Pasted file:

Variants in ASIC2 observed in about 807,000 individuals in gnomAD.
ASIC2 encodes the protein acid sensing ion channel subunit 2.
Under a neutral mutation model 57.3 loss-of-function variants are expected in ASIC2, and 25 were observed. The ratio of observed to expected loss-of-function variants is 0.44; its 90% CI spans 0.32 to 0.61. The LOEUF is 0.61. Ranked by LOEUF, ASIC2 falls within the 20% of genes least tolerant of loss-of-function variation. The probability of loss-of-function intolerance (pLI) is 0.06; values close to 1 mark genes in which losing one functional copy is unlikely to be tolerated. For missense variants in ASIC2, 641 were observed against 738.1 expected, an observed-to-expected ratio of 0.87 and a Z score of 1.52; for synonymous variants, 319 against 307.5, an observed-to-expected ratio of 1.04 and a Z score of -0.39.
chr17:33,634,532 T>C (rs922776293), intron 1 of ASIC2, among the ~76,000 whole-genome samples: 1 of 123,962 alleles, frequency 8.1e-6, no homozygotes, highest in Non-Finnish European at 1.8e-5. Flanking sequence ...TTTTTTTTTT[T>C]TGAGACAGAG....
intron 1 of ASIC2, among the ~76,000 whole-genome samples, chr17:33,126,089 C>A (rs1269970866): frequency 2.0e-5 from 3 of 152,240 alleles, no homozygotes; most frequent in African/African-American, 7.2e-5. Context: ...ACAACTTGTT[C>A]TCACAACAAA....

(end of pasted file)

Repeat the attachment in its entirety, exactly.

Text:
Variants in ASIC2 observed in about 807,000 individuals in gnomAD.
ASIC2 encodes the protein acid sensing ion channel subunit 2.
Under a neutral mutation model 57.3 loss-of-function variants are expected in ASIC2, and 25 were observed. The ratio of observed to expected loss-of-function variants is 0.44; its 90% CI spans 0.32 to 0.61. The LOEUF is 0.61. Ranked by LOEUF, ASIC2 falls within the 20% of genes least tolerant of loss-of-function variation. The probability of loss-of-function intolerance (pLI) is 0.06; values close to 1 mark genes in which losing one functional copy is unlikely to be tolerated. For missense variants in ASIC2, 641 were observed against 738.1 expected, an observed-to-expected ratio of 0.87 and a Z score of 1.52; for synonymous variants, 319 against 307.5, an observed-to-expected ratio of 1.04 and a Z score of -0.39.
chr17:33,634,532 T>C (rs922776293), intron 1 of ASIC2, among the ~76,000 whole-genome samples: 1 of 123,962 alleles, frequency 8.1e-6, no homozygotes, highest in Non-Finnish European at 1.8e-5. Flanking sequence ...TTTTTTTTTT[T>C]TGAGACAGAG....
intron 1 of ASIC2, among the ~76,000 whole-genome samples, chr17:33,126,089 C>A (rs1269970866): frequency 2.0e-5 from 3 of 152,240 alleles, no homozygotes; most frequent in African/African-American, 7.2e-5. Context: ...ACAACTTGTT[C>A]TCACAACAAA....